Sergey Karjakin won the title on tiebreaks over Magnus Carlsen because of a crucial last-round win and some good breaks.

Sergey Karjakin’s victory in the World Blitz Championship on Friday was a combination of good play, good timing and good luck. Magnus Carlsen, the reigning classical World Champion from Norway, could not shake Karjakin in the race for the gold, and when it really mattered, Karjakin, who is Russian, came through.

The two players had ended Day 1 tied, with 10 points apiece, a point-and-a-half ahead of their nearest competitors. On Day 2, they contined to set a torrid pace, each scoring 6.5 points in nine rounds. They ended the tournament with scores of 16.5 points each, two points clear of the three players who tied for third — Daniil Dubov and Alexander Grischuk, two compatriots of Karjakin’s, and Hikaru Nakamura of the United States.

Karjakin took first on tiebreaks (the average rating of his opponents was higher than the average rating of Carlsen’s), while Dubov edged out Grischuk and Nakamura for bronze based on the same tiebreaker.

Going into the last round, Carlsen held a half point lead, but knew that he needed to take clear first to win the tournament. A draw with the always-solid Peter Leko of Hungary opened the door for Karjakin.

Leko, Peter vs. Carlsen, Magnus
World Blitz Championship | Doha, Qatar | Round 13 | 30 Dec 2016 | 1/2-1/2
20. Bd2 Bd7?! This move is inaccurate.
20... Bxd4! 21. cxd4 Qxd4 There was nothing wrong with taking the pawn.  )
21. Qf3! Ne6 22. Nxe6! Bxe6 23. Re1 Qd6 24. Kg1 White has a slight initiative because of his lead in development.
24... Nf6?
24... Rd8 And White would be only slightly better.  )
25. Bf4! Qe7 26. Bxe6?
26. Nf5! This move would have given White a big advantage.
26... Qd7 27. Nxg7! Kxg7 28. Bxh6+ Kg6 29. Qf4 And Black would likely soon be mated.  )
26... fxe6 27. Be3 Bxe3 28. Qxe3 Carlsen is now slightly worse and has no counterplay. It is basically an impossible position to win.
28... Re8 29. Qe5 Qd7 30. Ne4 Nxe4 31. Qxe4 Qd5 32. a3 Kf7 33. Qf4+ Qf5 34. Qc7+ Re7 35. Qd6 Qc2 36. Qf4+ Kg8 37. Qb4 Rf7 38. Qb6 Qd2 39. Rxe6 Qc1+ 40. Kh2 Qf4+ 41. Kg1 Qc1+ 42. Kh2 Carlsen managed not to lose, but it was not enough.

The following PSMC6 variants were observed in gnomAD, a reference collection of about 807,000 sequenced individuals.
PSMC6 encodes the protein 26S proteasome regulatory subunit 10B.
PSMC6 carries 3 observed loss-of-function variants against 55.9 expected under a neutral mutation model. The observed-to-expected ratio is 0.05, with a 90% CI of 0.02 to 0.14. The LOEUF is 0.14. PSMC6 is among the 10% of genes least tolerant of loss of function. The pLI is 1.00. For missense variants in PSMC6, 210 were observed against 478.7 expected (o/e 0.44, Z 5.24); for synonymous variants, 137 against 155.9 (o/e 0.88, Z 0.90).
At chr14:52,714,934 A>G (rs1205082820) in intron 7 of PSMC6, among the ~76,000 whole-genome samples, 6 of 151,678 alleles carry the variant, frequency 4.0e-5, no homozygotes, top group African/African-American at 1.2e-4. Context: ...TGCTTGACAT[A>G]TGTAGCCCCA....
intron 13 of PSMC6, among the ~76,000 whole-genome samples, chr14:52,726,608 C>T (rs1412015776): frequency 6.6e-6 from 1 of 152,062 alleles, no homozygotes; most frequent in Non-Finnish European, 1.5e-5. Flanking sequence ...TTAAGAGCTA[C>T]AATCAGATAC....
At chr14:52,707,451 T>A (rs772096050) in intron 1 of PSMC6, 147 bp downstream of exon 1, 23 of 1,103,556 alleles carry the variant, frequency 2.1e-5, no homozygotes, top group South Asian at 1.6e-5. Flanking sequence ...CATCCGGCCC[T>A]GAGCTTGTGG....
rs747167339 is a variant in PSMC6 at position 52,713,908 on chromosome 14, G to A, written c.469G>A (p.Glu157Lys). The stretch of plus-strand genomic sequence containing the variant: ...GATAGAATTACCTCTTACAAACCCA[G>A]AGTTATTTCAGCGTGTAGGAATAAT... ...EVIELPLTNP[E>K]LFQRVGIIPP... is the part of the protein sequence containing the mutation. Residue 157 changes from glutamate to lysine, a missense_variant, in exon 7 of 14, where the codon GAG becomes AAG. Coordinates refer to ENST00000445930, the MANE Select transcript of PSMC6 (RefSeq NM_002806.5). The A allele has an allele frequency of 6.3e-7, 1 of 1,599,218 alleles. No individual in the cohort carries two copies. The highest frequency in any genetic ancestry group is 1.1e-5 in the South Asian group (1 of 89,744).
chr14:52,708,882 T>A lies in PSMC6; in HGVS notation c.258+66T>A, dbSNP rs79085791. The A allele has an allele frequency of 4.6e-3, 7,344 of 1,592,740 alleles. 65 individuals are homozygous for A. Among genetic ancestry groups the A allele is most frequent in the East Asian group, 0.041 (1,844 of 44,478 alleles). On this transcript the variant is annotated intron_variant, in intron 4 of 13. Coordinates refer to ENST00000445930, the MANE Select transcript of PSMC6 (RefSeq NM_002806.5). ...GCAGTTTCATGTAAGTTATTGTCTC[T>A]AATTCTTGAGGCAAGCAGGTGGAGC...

Karjakin did what he had to do by beating Baadur Jobava of Georgia in the final round.

Karjakin, Sergey vs. Jobava, Baadur
World Blitz Championship | Doha, Qatar | Round 13 | 30 Dec 2016 | 1-0
3. Nxe5 d5?! This looks like a very dubious idea.
3... d6 4. Nf3 Nxe4 Leads to one of the main systems in the Petroff Defense.  )
4. exd5 Qxd5 5. d4 Nc6 6. Nc3!? Not objectievly the best move, but I like it. Black is forced into an unpleasant endgame.
6... Qxd4
6... Bb4 This move was worth considering.  )
7. Nxc6 Qxd1+ 8. Nxd1 bxc6 The position is symmetrical, save for Black's crippled queenside pawn structure.
9. Be2 Bd6 10. Ne3 O-O 11. O-O Re8 12. Bf3 Bd7 13. Nc4 Bc5? This move allows White's pieces to spring to life.
13... Ng4 14. g3 And Black would be only slightly worse.  )
14. Bf4
14. Be3!? Also looks strong  )
14... Nd5?
14... Be6! 15. Nd2 Bd5 And once again Black would be only a bit worse.  )
15. Bg3 Black will lose material after White plays Ne5.
15... Bf5
15... f6 16. Rad1 Be6 17. Na5 Would have been no better.  )
16. Ne5 Bxc2 17. Rac1 Bd6 18. Nxc6
18. Rxc2 Bxe5 19. Rxc6 This move looked stronger, but the move played by Karjakin was also fine.  )
18... Be4 19. Rfe1?!
19. Bxe4 Rxe4 20. Bxd6 cxd6 21. Rfd1 And White would again be much better.  )